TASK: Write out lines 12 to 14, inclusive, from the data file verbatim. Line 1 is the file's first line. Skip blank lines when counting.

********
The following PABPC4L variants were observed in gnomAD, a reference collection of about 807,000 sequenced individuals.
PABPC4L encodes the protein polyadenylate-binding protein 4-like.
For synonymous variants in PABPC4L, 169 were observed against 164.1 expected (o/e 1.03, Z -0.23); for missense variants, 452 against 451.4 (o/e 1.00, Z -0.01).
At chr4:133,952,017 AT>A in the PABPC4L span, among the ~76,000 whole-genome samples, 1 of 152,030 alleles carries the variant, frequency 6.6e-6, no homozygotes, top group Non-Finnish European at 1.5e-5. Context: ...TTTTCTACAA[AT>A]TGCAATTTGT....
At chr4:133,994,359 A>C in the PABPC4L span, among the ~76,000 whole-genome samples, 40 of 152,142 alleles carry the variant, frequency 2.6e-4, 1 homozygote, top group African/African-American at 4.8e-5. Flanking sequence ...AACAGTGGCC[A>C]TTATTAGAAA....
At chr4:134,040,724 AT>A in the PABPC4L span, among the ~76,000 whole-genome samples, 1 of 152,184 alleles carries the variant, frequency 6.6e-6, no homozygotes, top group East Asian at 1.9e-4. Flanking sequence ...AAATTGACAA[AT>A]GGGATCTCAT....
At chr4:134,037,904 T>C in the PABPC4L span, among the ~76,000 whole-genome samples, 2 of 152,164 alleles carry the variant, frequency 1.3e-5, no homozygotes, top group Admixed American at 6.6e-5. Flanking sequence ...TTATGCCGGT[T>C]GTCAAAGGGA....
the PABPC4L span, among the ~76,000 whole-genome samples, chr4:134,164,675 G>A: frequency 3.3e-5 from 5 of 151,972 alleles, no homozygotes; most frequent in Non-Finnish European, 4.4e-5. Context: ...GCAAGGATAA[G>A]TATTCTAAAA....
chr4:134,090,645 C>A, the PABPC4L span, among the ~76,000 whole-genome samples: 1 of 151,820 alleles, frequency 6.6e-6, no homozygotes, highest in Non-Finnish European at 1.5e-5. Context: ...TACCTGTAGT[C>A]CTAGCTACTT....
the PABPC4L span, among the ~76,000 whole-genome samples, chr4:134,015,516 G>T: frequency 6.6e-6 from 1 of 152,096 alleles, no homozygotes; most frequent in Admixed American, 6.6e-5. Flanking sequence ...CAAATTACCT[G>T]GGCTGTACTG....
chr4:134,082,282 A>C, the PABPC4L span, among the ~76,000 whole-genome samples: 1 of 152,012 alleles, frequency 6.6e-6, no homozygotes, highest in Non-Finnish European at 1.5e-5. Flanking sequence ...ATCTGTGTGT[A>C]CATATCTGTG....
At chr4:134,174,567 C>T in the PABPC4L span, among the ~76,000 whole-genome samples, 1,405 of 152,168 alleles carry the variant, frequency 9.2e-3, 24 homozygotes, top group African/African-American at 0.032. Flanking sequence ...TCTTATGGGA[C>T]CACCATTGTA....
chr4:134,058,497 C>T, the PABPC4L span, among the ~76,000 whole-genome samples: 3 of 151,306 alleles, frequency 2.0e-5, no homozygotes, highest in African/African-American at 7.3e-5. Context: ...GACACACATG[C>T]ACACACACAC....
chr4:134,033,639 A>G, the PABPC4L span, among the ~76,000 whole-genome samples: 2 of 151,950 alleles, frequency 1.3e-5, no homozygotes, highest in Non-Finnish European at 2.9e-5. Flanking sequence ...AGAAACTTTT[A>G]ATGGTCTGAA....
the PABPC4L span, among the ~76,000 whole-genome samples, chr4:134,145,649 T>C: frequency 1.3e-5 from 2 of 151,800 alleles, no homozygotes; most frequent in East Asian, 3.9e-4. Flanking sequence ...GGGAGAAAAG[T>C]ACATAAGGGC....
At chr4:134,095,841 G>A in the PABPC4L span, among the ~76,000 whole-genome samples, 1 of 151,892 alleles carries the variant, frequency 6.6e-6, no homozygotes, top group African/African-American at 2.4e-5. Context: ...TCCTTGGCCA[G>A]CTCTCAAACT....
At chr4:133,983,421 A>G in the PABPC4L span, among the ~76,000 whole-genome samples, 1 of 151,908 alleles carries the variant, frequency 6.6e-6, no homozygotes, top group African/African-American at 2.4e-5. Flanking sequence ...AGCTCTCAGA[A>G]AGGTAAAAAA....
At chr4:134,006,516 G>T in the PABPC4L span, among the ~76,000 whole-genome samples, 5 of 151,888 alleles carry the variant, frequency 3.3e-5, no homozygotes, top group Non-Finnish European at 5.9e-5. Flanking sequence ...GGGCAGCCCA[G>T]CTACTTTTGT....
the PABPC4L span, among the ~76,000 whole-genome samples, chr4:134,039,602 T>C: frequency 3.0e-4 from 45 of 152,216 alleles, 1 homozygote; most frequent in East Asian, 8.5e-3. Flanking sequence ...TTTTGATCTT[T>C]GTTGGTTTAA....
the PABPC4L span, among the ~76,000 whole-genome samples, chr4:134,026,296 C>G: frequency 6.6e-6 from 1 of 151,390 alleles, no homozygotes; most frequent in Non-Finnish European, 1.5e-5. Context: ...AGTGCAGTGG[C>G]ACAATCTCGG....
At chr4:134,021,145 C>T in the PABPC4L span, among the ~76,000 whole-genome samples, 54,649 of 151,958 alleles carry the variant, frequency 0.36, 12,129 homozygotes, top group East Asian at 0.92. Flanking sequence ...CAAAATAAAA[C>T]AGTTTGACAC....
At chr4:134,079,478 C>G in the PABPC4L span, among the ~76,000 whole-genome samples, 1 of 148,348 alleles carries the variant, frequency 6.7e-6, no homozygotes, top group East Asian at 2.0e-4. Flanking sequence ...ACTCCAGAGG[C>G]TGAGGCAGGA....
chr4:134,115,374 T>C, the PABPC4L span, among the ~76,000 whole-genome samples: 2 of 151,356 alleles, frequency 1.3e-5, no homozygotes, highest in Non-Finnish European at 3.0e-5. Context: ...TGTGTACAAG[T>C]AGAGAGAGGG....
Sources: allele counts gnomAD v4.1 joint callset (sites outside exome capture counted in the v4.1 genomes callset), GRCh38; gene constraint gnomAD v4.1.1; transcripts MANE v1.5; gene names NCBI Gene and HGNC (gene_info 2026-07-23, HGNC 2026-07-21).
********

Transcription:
At chr4:134,174,567 C>T in the PABPC4L span, among the ~76,000 whole-genome samples, 1,405 of 152,168 alleles carry the variant, frequency 9.2e-3, 24 homozygotes, top group African/African-American at 0.032. Flanking sequence ...TCTTATGGGA[C>T]CACCATTGTA....
chr4:134,058,497 C>T, the PABPC4L span, among the ~76,000 whole-genome samples: 3 of 151,306 alleles, frequency 2.0e-5, no homozygotes, highest in African/African-American at 7.3e-5. Context: ...GACACACATG[C>T]ACACACACAC....
chr4:134,033,639 A>G, the PABPC4L span, among the ~76,000 whole-genome samples: 2 of 151,950 alleles, frequency 1.3e-5, no homozygotes, highest in Non-Finnish European at 2.9e-5. Flanking sequence ...AGAAACTTTT[A>G]ATGGTCTGAA....